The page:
Should I try crowdfunding or a loan for my startup?

Your Business Credit columnist Elaine Pofeldt
Elaine Pofeldt is a journalist whose articles on entrepreneurship and careers have appeared in Fortune, Working Mother, Money and many other publications. She is a former senior editor at Fortune Small Business magazine and an entrepreneur herself, as co-founder of, a website for independent professionals. She writes "Your Business Credit," a weekly column about small business and credit, for

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Question Dear Your Business Credit,
I would like to start a Web design business and need about $2,000 to cover the costs of a new computer, a new phone and some other equipment. I just graduated from college and don't have much money saved. Do you recommend crowdfunding, or should I try to get a bank loan? -- Jim

Answer Dear Jim,
Congratulations on your graduation. Starting a business can be a great way to get work experience that will make you more marketable, whether you stay in business for yourself or eventually decide to take a job somewhere.

I would suggest looking into another route altogether to get yourself set up. If you already have a laptop and phone, see if you can get by with them -- as long as they're functional -- during your startup period. Look for work through freelance marketplaces such as Mediabistro, PeoplePerHour, or Elance to raise money to pay for the equipment you need.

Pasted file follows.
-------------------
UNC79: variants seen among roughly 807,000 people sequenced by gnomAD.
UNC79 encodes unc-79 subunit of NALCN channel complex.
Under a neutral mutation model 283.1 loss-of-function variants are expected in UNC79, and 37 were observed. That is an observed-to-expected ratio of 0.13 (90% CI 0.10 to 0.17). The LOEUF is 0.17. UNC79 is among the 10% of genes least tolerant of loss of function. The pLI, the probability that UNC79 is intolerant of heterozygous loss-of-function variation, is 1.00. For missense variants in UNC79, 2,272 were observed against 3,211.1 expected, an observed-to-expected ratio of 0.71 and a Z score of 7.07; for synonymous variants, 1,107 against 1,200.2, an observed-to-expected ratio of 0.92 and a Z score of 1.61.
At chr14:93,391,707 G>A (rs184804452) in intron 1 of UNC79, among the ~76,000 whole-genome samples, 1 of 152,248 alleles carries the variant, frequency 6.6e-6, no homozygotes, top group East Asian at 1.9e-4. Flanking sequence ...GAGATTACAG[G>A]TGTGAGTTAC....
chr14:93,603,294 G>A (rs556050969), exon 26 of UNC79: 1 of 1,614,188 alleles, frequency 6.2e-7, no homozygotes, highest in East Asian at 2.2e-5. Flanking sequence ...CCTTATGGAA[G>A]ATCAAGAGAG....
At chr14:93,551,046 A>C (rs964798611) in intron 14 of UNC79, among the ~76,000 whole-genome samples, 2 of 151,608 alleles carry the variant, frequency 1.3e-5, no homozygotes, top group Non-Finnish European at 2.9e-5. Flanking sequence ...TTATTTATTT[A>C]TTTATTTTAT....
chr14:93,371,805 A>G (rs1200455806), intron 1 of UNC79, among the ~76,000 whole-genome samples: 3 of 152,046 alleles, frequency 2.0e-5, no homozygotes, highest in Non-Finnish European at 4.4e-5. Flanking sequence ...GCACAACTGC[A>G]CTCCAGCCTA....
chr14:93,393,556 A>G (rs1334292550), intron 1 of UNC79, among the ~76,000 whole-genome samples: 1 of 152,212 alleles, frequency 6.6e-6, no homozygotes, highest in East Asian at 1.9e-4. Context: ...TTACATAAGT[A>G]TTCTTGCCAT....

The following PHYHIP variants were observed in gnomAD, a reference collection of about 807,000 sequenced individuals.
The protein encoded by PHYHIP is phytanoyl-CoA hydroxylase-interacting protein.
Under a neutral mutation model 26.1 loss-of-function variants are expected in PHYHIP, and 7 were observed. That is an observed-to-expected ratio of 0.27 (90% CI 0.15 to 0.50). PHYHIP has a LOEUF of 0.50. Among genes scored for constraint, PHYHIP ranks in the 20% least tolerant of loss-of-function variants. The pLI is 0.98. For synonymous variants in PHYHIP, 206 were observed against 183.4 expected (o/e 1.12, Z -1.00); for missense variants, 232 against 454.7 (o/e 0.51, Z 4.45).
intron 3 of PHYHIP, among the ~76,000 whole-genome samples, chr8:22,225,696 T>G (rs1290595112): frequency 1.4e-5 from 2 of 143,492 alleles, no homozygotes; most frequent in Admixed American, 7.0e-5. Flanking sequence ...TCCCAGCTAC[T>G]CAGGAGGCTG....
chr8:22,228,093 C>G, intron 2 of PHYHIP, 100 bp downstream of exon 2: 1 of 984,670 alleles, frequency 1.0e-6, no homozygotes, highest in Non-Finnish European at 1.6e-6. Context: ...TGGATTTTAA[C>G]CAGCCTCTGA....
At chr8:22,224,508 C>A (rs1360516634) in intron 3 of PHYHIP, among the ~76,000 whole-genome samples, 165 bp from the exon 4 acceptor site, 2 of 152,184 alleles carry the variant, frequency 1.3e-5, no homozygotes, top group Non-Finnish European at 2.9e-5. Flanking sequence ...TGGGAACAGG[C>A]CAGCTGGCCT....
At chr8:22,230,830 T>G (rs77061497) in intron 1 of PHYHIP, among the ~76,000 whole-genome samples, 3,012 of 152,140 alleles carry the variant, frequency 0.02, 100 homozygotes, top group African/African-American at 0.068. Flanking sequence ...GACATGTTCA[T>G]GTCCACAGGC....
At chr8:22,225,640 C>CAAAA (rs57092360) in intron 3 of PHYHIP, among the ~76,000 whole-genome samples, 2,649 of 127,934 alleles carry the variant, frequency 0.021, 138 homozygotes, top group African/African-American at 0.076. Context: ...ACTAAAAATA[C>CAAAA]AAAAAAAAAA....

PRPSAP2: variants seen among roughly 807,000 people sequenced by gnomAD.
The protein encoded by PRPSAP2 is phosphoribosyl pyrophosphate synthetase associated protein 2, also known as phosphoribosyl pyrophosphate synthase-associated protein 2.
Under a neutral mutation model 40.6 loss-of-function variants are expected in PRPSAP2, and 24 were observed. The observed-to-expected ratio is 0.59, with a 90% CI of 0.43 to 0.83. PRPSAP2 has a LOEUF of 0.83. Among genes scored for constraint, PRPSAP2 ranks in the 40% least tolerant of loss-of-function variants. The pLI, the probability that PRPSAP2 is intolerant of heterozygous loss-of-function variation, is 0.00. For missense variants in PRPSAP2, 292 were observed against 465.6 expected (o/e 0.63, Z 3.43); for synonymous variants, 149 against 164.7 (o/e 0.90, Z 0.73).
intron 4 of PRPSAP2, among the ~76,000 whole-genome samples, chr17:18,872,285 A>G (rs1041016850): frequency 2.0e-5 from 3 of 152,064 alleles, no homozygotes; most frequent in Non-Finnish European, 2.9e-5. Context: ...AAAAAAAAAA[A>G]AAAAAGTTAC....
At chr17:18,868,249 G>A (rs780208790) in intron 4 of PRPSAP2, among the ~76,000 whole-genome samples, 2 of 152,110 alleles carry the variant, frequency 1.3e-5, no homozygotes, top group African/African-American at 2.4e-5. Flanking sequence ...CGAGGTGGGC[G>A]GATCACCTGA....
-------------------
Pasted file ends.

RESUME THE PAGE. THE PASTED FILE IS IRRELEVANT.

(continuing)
As you get feedback from the marketplace, you will have a sense of where you really need to put your money to grow the business.

Of course, if you don't have basic office equipment, you will need to find a way to buy it. It will be hard to get a bank loan for a startup, so I would suggest asking a family member for a loan or using a credit card if you have good credit and can get a decent interest rate. It can be a good way to build your credit profile.

Pick a card that awards rewards points, and you may be able to cash some of them in to pay for other things you need for the business. One advantage of using a credit card is you don't have to write a business plan to sell a lender on your idea. It's your decision alone to borrow within your credit limit. Just make sure you don't borrow more than you can pay back on time.

Is crowdfunding a good option for you? I'm not so sure. According to Kickstarter, one of the major sites, more than 43 percent of campaigns on its platform reach their funding goals. The entrepreneurs I know who have raised money through crowdfunding have already made a big effort to build a following on social media, so they can solicit support from a wide audience. That takes a lot of time. Since time is your most precious commodity as an entrepreneur, you will need to decide if the investment of those precious hours is worth it.

The successful campaigns I have seen for small businesses have also tended to offer new products that customers want to buy or have been for existing stores that needed help from supporters to meet a specific goal, like moving to a new location.

Take a look at Kickstarter. The most funded campaign was the Pebble Watch, a cool smart watch -- similar to a smartphone, but in the form of a customizable watch. It raised almost $10.3 million. That was followed by the OUYA video game console, which raised nearly $8.6 million.

Since you don't need to raise that kind of money to get started and it will be hard for a fledgling web design business to compete for attention against high-profile projects like this, it's probably easier to turn to a more direct route: the Bank of Mom and Dad or a credit card. Put the time you save into winning customers, which is likely your most important job right now. Good luck!

See related: Credit and finance options for young entrepreneurs, Entrepreneurial and under 21? You'll need to build a credit record, Small-business bank loans become a bit easier to get

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Updated: 03-23-2019